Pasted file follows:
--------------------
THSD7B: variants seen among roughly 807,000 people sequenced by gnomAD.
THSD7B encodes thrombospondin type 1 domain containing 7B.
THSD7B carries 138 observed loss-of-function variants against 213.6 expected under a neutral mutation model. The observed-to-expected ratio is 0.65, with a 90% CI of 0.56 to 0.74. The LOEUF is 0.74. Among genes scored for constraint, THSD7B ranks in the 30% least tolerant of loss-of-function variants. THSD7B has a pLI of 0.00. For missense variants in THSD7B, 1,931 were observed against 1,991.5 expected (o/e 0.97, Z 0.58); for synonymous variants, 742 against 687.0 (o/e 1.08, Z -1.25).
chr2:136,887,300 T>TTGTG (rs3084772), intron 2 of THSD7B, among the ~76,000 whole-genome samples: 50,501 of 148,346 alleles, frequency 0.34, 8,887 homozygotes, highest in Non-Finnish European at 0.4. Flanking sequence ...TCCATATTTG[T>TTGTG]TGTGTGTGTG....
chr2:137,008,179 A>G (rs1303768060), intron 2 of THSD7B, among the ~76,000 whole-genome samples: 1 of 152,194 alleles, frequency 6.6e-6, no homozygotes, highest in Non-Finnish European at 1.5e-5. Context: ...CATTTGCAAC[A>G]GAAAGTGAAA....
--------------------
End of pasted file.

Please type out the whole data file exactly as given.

THSD7B: variants seen among roughly 807,000 people sequenced by gnomAD.
THSD7B encodes thrombospondin type 1 domain containing 7B.
THSD7B carries 138 observed loss-of-function variants against 213.6 expected under a neutral mutation model. The observed-to-expected ratio is 0.65, with a 90% CI of 0.56 to 0.74. The LOEUF is 0.74. Among genes scored for constraint, THSD7B ranks in the 30% least tolerant of loss-of-function variants. THSD7B has a pLI of 0.00. For missense variants in THSD7B, 1,931 were observed against 1,991.5 expected (o/e 0.97, Z 0.58); for synonymous variants, 742 against 687.0 (o/e 1.08, Z -1.25).
chr2:136,887,300 T>TTGTG (rs3084772), intron 2 of THSD7B, among the ~76,000 whole-genome samples: 50,501 of 148,346 alleles, frequency 0.34, 8,887 homozygotes, highest in Non-Finnish European at 0.4. Flanking sequence ...TCCATATTTG[T>TTGTG]TGTGTGTGTG....
chr2:137,008,179 A>G (rs1303768060), intron 2 of THSD7B, among the ~76,000 whole-genome samples: 1 of 152,194 alleles, frequency 6.6e-6, no homozygotes, highest in Non-Finnish European at 1.5e-5. Context: ...CATTTGCAAC[A>G]GAAAGTGAAA....